4) Research Occupations. Do your homework and look up jobs that have always sounded interesting to you. Go on an informational interview or shadow someone whose occupation you would love to be in. Don’t feel embarrassed about asking; people love to talk about themselves and what they do! I always felt that another calling of mine would be event planning. I know my organized, anal retentive, attention-to-detail side would be perfect for it, and who knows? It could be a back up job. I did my research on the different characteristics and strengths needed for the job and found a match. Look up occupations that interest you online, read the details and see if you match up.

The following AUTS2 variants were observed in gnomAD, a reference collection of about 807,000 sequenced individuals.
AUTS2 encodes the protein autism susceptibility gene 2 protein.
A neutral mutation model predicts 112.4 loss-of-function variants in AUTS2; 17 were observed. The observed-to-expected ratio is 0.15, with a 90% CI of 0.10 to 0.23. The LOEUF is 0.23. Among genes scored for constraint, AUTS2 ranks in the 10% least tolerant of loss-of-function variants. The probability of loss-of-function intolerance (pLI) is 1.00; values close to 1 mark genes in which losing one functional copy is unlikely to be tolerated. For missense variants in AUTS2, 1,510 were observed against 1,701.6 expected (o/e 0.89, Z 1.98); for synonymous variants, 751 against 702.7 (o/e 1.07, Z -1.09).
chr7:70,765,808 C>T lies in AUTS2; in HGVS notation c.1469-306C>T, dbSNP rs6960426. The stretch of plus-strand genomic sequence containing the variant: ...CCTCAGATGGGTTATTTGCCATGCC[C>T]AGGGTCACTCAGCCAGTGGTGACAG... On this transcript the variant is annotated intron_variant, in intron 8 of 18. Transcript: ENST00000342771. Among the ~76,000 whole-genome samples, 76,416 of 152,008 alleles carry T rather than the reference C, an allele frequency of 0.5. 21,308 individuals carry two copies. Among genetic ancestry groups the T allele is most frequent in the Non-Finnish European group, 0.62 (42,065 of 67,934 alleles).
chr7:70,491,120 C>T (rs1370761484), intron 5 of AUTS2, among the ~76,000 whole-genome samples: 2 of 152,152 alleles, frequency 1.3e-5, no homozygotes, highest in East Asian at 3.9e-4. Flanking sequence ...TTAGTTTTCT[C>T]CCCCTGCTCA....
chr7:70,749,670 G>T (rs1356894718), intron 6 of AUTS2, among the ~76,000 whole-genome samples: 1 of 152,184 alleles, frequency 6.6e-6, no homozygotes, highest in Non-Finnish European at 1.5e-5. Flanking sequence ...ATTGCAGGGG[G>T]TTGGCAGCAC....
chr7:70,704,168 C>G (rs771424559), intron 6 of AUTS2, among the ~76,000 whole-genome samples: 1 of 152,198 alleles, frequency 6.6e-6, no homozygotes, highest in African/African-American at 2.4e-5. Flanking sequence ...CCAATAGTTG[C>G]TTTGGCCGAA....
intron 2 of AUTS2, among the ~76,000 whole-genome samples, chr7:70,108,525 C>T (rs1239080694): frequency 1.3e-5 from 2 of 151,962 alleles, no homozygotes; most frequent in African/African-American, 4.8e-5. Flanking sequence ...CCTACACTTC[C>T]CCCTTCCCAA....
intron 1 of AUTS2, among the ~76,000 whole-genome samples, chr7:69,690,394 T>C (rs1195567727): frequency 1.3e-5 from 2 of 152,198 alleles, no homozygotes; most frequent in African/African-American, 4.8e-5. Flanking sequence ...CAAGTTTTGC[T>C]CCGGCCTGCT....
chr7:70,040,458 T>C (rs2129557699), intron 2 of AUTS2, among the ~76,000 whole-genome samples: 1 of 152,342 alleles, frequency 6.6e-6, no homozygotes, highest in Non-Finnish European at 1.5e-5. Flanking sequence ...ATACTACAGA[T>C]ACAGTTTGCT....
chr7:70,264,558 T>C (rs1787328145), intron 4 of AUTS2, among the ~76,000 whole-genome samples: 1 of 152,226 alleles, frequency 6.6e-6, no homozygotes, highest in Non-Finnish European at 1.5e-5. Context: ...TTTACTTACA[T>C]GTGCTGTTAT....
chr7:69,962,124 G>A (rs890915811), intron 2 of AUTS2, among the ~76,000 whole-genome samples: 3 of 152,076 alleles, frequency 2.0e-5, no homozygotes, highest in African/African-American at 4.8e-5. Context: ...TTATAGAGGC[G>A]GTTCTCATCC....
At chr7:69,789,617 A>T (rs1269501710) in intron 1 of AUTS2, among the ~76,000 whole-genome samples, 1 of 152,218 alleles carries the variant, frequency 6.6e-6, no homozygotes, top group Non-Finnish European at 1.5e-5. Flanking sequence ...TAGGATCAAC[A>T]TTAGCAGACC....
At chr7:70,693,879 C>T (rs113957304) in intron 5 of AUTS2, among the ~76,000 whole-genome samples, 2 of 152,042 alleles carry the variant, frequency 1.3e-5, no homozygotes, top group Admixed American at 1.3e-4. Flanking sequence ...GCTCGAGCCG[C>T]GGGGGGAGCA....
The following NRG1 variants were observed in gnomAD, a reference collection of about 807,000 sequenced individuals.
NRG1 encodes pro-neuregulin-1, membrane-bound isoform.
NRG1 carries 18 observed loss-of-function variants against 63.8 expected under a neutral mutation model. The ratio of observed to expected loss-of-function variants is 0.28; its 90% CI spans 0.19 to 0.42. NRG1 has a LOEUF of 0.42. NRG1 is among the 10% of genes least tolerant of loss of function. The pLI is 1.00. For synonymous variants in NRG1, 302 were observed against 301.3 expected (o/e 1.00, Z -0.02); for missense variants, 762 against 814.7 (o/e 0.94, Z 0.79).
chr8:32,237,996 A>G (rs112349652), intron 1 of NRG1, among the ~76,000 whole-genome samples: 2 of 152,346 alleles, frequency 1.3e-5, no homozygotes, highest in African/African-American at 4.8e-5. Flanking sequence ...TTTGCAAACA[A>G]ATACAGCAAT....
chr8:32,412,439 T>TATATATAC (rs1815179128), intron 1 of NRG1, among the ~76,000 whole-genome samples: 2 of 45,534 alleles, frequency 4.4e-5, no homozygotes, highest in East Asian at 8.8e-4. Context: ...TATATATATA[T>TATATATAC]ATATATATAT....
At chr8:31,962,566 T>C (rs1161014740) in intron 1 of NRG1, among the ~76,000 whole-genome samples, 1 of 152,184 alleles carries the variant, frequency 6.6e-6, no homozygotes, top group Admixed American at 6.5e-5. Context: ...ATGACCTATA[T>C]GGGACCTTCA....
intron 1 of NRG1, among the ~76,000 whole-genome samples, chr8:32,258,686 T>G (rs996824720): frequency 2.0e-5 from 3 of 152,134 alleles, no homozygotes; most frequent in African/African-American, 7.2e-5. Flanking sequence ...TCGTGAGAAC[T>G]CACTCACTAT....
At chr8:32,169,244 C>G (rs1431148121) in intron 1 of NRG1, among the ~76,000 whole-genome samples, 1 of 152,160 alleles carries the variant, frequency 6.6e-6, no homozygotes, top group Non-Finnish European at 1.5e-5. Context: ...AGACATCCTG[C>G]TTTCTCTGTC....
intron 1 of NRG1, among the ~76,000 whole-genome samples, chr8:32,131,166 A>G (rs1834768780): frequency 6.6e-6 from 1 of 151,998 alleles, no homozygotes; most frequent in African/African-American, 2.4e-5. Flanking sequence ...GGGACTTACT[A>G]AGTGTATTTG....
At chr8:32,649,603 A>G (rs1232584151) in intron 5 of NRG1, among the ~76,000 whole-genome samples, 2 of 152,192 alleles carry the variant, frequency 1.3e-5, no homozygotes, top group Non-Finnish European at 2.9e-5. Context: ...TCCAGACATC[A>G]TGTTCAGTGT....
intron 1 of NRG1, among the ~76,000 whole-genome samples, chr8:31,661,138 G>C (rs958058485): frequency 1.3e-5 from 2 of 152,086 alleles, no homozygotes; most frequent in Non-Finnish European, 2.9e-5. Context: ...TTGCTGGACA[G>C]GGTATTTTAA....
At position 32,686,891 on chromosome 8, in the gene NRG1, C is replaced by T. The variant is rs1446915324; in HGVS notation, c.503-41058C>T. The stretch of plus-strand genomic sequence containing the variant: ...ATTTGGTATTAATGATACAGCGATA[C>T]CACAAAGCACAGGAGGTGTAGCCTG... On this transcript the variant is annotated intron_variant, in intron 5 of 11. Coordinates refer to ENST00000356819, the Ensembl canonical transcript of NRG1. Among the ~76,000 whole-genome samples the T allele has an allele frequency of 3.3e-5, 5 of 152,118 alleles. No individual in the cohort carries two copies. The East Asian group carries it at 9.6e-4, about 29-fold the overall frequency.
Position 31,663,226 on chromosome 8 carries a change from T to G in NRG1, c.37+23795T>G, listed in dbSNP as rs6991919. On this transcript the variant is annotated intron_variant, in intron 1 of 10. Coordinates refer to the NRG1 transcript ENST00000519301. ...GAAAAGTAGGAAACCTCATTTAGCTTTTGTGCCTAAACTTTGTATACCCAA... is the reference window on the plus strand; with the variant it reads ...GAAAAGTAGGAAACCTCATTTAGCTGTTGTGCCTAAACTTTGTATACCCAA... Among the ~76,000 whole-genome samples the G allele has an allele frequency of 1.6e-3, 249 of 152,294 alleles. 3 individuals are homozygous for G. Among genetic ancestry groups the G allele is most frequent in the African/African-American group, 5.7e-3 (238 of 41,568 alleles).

Figuring out what you want to do is no easy task for most of us, so go within yourself and find out what you would truly enjoy. Look it up online and see if there is a calling for it anywhere. This is the fun part. The world is full of possibilities, so go grab yourself some!
Erin Kennedy, CPRW, CERW

My 10-Year Rez-i-Versary!

Erin's Musings
MY 10 YEAR Rez-I-Versary!

I woke up this morning and thought, hmmm, what’s different? Then out of nowhere came a flash of memory– 10 years ago this month I started at the Career Center and everything in my career life changed.
Up until then, I had been in college and worked as a manicurist at a salon (and at home). It was great money and put me through school… well that, and many, many, thousands in student loans. Not saying college wasn’t worth the money, because it was. That is where I discovered my interest in careers, job search, and resumes. It’s just a lot of money, as many of you know. But I digress.